Do you own your problems, or do they own you?

Thomas Flynn
Author: Tom Flynn Professional Services Manager
Date: 19th October 2017
Categories: Data, Telecoms, Revenue Assurance, Fraud protection, RA, Optimus, Neural Technologies

There's a telling anecdote about Elon Musk’s approach to problem solving in his 2015 biography by Ashley Vance.  One of Tesla’s employees leaked sensitive information to the press, criticizing the company anonymously.  It was not apparent who the staff member was, but Tesla needed to identify the individual to ensure the leaks did not continue.  When HR and area managers failed to identify the leaker, the CEO took matters into his own hands.  

He identified the sender by copying the text of the letter into a Word document, printing it out, and comparing the size of the printed file against the printer logs for files of the same size.  In the end the guilty employee in question would write another letter; this time it was a letter of apology, at the time of his resignation.  

What is striking about this story is the approach Musk took to problem solving.  Where some might surrender to a problem like this, Musk found a way.  Don't tell him that you can't meet a deadline, get the costs down, or solve a sticky engineering problem, as he's been known to fire staff for such statements and just take over their work.  As his biographer recounts, he would say 'Fine, you are off the project.  I will do your job and be the CEO of two companies, at the same time.  I will deliver it.'  And he actually would, every time.

This is about mindset.  Musk really wants to solve these problems, as he is following a vision larger than himself.  Therefore, he is NEVER just going through the motions.  He is consistently applying force of will to what needs to be done, and in a way most professionals have no access to.  The result is that he has something of a cult following among his employees and technophiles in general.

If you have heard of the 40% Rule before, you will understand that Musk is totally killing it.  The 40% rule, as outlined by author Jesse Itzler, explains that most people tend to give up around 40% of their actual capacity.  We almost always have a lot more in the tank at the point which we think we are tapped out.  If, however, we can push through to nearer our full capacity, we dramatically improve our ability to respond.  Given that the 40% limiter is unconsciously accepted across the board, pushing out of that rut is a sure way to stand out, even if you’re not particularly talented.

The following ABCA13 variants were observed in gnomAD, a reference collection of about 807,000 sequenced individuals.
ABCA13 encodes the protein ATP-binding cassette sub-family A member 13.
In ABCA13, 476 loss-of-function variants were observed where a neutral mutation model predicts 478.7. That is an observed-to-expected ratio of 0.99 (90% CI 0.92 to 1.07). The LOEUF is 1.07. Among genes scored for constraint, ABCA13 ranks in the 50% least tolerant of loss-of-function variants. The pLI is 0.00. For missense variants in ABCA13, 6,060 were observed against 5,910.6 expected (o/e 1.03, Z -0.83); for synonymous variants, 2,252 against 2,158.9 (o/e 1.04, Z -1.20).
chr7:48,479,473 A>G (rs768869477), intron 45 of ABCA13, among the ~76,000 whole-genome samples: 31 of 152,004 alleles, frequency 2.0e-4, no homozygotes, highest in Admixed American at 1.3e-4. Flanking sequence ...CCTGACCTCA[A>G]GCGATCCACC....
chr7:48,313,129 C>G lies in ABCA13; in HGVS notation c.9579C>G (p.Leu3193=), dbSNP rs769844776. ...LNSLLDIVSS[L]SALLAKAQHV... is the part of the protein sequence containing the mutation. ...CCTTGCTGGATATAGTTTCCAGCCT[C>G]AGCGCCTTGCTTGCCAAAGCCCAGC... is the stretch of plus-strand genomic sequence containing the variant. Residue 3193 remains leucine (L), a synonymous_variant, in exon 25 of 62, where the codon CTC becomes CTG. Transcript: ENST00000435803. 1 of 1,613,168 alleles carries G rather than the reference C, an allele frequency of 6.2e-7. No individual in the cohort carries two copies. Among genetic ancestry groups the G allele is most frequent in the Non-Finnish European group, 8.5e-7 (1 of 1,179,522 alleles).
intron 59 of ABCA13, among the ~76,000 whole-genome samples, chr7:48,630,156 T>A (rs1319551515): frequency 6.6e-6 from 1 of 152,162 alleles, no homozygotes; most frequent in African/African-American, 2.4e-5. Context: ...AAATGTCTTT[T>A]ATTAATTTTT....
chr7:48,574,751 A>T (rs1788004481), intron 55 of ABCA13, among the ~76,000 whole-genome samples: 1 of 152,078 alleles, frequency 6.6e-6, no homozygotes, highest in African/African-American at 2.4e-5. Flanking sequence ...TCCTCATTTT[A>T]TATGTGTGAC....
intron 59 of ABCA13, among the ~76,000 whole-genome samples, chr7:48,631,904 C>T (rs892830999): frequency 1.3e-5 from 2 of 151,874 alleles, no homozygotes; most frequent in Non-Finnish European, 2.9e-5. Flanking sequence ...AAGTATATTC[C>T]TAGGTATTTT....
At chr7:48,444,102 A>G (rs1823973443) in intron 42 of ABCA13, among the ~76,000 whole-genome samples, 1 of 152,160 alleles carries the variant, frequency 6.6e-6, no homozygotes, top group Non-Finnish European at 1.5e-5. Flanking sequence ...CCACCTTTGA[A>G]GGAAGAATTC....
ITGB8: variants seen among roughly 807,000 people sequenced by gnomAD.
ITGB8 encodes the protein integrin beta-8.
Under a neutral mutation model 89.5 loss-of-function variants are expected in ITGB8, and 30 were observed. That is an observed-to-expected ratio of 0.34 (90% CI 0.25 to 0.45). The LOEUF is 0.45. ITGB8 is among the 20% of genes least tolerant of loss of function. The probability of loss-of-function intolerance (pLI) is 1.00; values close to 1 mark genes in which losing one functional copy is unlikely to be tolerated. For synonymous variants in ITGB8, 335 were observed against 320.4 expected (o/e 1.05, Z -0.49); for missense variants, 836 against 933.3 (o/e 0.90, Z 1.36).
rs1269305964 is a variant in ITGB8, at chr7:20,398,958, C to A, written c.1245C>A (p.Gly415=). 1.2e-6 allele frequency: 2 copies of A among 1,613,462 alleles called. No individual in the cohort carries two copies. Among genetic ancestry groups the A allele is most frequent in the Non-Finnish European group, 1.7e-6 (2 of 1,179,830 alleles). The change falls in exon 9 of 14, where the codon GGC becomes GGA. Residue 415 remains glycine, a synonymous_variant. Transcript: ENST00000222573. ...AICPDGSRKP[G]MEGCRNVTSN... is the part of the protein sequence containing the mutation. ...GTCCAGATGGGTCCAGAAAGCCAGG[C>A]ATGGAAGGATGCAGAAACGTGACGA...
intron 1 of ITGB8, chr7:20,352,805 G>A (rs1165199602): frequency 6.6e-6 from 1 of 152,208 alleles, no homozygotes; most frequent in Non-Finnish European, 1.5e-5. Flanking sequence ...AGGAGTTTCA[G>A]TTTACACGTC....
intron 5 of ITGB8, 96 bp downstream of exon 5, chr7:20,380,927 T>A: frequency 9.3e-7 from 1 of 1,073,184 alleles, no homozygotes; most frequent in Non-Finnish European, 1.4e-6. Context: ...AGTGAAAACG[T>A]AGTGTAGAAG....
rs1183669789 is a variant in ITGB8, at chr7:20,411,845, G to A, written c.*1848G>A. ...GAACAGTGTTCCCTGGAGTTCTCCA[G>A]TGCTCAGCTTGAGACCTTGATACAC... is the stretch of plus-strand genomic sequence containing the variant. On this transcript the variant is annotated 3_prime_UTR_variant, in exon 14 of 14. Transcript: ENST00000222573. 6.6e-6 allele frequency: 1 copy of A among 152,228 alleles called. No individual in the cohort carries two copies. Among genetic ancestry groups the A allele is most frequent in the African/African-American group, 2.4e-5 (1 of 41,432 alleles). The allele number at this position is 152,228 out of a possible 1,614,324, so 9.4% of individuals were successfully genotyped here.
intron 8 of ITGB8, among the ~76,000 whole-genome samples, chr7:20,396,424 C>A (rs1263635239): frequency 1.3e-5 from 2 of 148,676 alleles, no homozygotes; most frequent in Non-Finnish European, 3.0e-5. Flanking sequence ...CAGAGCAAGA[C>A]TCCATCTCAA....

And I wouldn’t necessarily advocate this in terms of “working harder,” (which doesn’t matter if you’re working on the wrong things).  Rather, the 40% Rule helps us recognize where we are being cognitively lazy; where we are failing to execute.  When we give in to the status quo, is it because the problem truly cannot be solved, or are we surrendering to our conditioning?  Is it an unsolvable problem, or is it our own lack of imagination?

In fact, there’s a name for this.  It’s called the Einstellung Effect.  The Einstellung Effect is when you have made up your mind about how to solve a problem, to the extent that your selection prevents you from seeing other, possibly better, solutions.  When stuck in the Einstellung Effect we can even give up before we really get started.  If the approach to problem solving we’ve selected seems blocked, we’re done. 

In the end how we approach problems is a choice either for, or against, victimhood.  If we keep our sphere of control very small and defer from making real contributions, it may reduce our anxiety.  But the point is to stretch.  Push your ability to solve problems further and further into the unknown, and you can meet others out in that space that are ready to pitch in and make a true impact.  If you try and then fail, you have lost nothing.  But, if you do not try at all, you have lost your chance to know a greater version of yourself.